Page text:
Hi Julie & Mia,
I wanted to write to the two of you about the Canine Science Symposium. It's happening this in San Francisco, and I thought you might be interested to hear all about it. I bet Julie remembers speaking about anthropomorphism at the very first CSS. Hopefully, we’ll be able to get her back to San Francisco for the next one!
This year's Symposium promises to be bigger and better with an extra half day of presentations, more speakers and new breakout sessions to dig deeper into the research. Pawsitive Tails, we're now at the San Francisco SPCA where we’ve partnered with the organization’s Behavior & Training Department, brought on sponsors (such as the Karen Pyror Academy) and in all, expect well over 100 shelter staff and volunteers, trainers and dog enthusiasts to join us for this day and a half of canine science. We love coming to San Francisco in part because of the vibrant dog community there!since that inaugural Symposium at
While many Symposium speakers continue to return each year to share their research, we ensure that the topics are new – and we’re real sticklers on the “applied” part of the research. We want those that come out to learn with us to be able to walk away with new techniques and approaches to try in their interactions with shelter dogs, dogs that they train and the dogs they live with.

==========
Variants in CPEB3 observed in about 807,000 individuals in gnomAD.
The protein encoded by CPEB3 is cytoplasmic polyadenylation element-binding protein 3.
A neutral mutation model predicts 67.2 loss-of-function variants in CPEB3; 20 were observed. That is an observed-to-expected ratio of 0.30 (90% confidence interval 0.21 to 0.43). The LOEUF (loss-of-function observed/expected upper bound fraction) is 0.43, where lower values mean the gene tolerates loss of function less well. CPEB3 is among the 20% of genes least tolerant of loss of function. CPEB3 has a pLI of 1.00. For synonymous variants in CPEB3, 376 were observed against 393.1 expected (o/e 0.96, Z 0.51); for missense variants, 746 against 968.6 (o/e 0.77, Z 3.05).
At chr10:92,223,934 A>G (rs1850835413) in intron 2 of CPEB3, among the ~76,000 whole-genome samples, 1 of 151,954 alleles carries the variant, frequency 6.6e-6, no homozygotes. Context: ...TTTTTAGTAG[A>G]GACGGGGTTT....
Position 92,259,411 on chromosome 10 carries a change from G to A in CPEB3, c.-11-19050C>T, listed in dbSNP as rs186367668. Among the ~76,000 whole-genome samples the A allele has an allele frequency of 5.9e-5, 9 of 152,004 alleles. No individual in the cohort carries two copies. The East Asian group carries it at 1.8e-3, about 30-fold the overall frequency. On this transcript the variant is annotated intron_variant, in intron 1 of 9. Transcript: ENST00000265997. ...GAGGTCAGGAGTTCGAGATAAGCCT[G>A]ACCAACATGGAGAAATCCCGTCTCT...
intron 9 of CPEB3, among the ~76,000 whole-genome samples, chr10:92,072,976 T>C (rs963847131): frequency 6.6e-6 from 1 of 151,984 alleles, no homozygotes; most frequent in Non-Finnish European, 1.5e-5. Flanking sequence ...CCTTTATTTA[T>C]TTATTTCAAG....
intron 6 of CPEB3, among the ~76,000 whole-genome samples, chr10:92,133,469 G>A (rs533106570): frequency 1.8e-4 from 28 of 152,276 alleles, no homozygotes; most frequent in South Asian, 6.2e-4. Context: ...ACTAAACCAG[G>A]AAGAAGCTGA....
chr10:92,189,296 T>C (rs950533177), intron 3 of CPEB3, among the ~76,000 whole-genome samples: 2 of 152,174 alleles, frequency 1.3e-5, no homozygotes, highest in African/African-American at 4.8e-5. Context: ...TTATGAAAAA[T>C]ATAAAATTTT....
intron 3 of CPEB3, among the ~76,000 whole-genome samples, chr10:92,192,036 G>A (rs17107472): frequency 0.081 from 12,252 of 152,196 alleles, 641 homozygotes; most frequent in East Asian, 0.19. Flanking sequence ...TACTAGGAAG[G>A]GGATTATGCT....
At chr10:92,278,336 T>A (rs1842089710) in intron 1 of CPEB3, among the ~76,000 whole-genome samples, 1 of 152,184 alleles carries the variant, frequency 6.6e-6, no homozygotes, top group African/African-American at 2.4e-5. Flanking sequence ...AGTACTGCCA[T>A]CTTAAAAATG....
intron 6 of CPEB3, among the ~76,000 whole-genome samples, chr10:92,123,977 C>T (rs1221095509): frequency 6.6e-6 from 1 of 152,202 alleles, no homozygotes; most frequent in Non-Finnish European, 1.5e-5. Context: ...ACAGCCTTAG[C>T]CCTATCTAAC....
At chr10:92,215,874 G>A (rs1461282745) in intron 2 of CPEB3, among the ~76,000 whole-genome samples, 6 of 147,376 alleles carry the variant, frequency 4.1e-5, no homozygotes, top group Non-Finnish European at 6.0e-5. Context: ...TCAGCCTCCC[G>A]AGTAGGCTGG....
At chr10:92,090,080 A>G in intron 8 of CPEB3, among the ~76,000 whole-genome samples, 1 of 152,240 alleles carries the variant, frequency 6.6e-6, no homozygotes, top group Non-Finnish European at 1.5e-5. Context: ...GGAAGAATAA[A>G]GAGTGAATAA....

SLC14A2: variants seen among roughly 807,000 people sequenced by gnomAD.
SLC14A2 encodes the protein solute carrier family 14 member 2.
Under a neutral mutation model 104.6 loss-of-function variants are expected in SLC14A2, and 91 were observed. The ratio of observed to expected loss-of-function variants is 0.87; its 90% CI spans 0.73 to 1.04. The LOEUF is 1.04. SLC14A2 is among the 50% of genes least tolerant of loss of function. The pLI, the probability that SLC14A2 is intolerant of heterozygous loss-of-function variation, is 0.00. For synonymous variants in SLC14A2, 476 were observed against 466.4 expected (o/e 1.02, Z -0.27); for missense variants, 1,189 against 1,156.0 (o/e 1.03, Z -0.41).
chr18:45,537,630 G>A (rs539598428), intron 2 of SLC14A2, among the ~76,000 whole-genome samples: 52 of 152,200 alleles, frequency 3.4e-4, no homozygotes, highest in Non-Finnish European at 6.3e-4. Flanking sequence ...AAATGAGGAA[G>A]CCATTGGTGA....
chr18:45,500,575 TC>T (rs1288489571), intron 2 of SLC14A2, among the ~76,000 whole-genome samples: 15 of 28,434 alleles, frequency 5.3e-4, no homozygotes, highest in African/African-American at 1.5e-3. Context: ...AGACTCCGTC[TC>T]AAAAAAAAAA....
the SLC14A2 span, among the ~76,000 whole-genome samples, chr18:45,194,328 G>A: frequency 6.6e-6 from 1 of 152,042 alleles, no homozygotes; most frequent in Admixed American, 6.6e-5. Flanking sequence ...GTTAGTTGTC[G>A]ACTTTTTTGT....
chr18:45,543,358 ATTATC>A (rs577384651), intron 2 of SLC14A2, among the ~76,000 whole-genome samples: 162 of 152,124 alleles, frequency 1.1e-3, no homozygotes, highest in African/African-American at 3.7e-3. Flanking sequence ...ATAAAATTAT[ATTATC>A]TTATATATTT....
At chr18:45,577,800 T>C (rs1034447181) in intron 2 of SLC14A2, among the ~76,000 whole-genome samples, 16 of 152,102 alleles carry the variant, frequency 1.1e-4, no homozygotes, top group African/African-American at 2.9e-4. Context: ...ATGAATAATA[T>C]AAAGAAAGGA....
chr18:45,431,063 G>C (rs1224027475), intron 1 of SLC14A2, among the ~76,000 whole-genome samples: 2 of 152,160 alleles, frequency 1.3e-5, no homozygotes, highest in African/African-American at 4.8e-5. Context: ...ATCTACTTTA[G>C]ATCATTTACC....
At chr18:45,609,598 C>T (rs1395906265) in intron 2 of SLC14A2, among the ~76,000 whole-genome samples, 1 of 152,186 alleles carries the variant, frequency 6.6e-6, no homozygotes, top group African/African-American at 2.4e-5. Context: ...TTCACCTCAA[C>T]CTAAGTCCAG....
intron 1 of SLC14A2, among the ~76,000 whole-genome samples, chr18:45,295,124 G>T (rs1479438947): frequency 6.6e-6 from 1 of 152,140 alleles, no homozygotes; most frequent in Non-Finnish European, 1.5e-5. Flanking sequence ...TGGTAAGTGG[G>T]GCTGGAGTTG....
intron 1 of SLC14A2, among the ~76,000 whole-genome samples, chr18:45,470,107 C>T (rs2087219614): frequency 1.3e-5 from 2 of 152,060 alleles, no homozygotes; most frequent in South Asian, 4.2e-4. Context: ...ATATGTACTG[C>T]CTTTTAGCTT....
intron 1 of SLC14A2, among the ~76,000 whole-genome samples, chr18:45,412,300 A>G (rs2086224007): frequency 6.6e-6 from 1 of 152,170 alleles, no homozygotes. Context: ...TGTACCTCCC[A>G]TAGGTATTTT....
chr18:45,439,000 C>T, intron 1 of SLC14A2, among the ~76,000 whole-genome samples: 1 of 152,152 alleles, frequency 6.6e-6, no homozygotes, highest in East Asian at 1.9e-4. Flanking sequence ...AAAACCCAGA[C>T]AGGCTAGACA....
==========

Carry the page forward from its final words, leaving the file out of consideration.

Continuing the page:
This year’s addition of breakout sessions will provide more advanced content (something we think the Symposium crowd is eager for) and live opportunities to discuss research and training ideas (and in some cases, as they’re happening!). We like sharing our enthusiasm for dogs, and the Symposium is our opportunity to make our research accessible.
|Xephos running the maze at ASU.|
Our CSS speakers for 2016 include Drs. Clive Wynne (Arizona State University), Erica Feuerbacher (Carroll College), Lindsay Mehrkam (Oregon State University), Sasha Protopopova (Texas Tech University) and myself. This year, we have new additions to our speaking roster including Dr. Monique Udell from Oregon State University and post-doctoral scholar Dr. Nathan Hall from Arizona State University. Dr. Jeannine Berger, who heads up the SF/SPCA’s Behavior Resources, will be speaking too (in the past, she’s led our roundtable, but now she’s joining us at the podium).
While many of us are former or current students of Clive’s, our research interests are diverse as evidenced by this year’s topics. Our presentations include decoding dominance in dogs; canine sociability and attachment; using advanced behavioral principles in dog training; applying cognitive, behavioral and physiological measures to improve shelter dog welfare; using play as training and enrichment; understanding visitor behavior in shelters to increase adoptions; exploring canine olfaction and interpreting canine body language.
We’re excited to return to San Francisco this April and hope to see many in the dog training and behavior community at the Symposium!
For those folks that are interested in attending, head on over to https://www.sfspca.org/get-
involved/events/CSS2016 for all the details including speaker bios and presentation descriptions, and online registration (registration is at the waaaay bottom of the page).
Our early-bird registration ends March 2nd, so those that want to attend should sign up soon!
MA, CBCC-KA, CPDT-KA